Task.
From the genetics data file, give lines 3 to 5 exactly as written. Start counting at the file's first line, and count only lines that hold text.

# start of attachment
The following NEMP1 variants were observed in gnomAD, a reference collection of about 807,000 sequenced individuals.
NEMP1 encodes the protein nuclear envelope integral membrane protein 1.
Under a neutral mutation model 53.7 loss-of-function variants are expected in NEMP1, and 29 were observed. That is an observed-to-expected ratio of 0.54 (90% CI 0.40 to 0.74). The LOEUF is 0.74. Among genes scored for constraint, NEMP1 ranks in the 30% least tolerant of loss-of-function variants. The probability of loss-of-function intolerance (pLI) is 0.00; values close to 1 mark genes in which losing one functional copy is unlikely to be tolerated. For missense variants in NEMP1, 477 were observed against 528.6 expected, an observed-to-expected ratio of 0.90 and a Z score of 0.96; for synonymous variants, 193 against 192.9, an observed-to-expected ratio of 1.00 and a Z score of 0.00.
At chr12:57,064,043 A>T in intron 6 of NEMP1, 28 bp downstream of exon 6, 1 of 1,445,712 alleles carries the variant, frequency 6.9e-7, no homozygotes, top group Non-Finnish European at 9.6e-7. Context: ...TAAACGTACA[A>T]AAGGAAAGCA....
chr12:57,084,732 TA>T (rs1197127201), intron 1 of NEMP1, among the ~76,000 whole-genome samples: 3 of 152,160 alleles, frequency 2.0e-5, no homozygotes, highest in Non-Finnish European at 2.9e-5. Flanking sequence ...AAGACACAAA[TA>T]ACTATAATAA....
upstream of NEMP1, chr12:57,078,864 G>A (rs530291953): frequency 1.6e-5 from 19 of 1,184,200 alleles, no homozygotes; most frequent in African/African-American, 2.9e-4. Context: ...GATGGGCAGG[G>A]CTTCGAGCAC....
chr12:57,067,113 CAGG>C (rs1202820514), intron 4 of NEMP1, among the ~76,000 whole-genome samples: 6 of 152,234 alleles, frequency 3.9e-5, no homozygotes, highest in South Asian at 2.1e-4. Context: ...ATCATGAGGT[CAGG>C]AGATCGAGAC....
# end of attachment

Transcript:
Under a neutral mutation model 53.7 loss-of-function variants are expected in NEMP1, and 29 were observed. That is an observed-to-expected ratio of 0.54 (90% CI 0.40 to 0.74). The LOEUF is 0.74. Among genes scored for constraint, NEMP1 ranks in the 30% least tolerant of loss-of-function variants. The probability of loss-of-function intolerance (pLI) is 0.00; values close to 1 mark genes in which losing one functional copy is unlikely to be tolerated. For missense variants in NEMP1, 477 were observed against 528.6 expected, an observed-to-expected ratio of 0.90 and a Z score of 0.96; for synonymous variants, 193 against 192.9, an observed-to-expected ratio of 1.00 and a Z score of 0.00.
At chr12:57,064,043 A>T in intron 6 of NEMP1, 28 bp downstream of exon 6, 1 of 1,445,712 alleles carries the variant, frequency 6.9e-7, no homozygotes, top group Non-Finnish European at 9.6e-7. Context: ...TAAACGTACA[A>T]AAGGAAAGCA....
chr12:57,084,732 TA>T (rs1197127201), intron 1 of NEMP1, among the ~76,000 whole-genome samples: 3 of 152,160 alleles, frequency 2.0e-5, no homozygotes, highest in Non-Finnish European at 2.9e-5. Flanking sequence ...AAGACACAAA[TA>T]ACTATAATAA....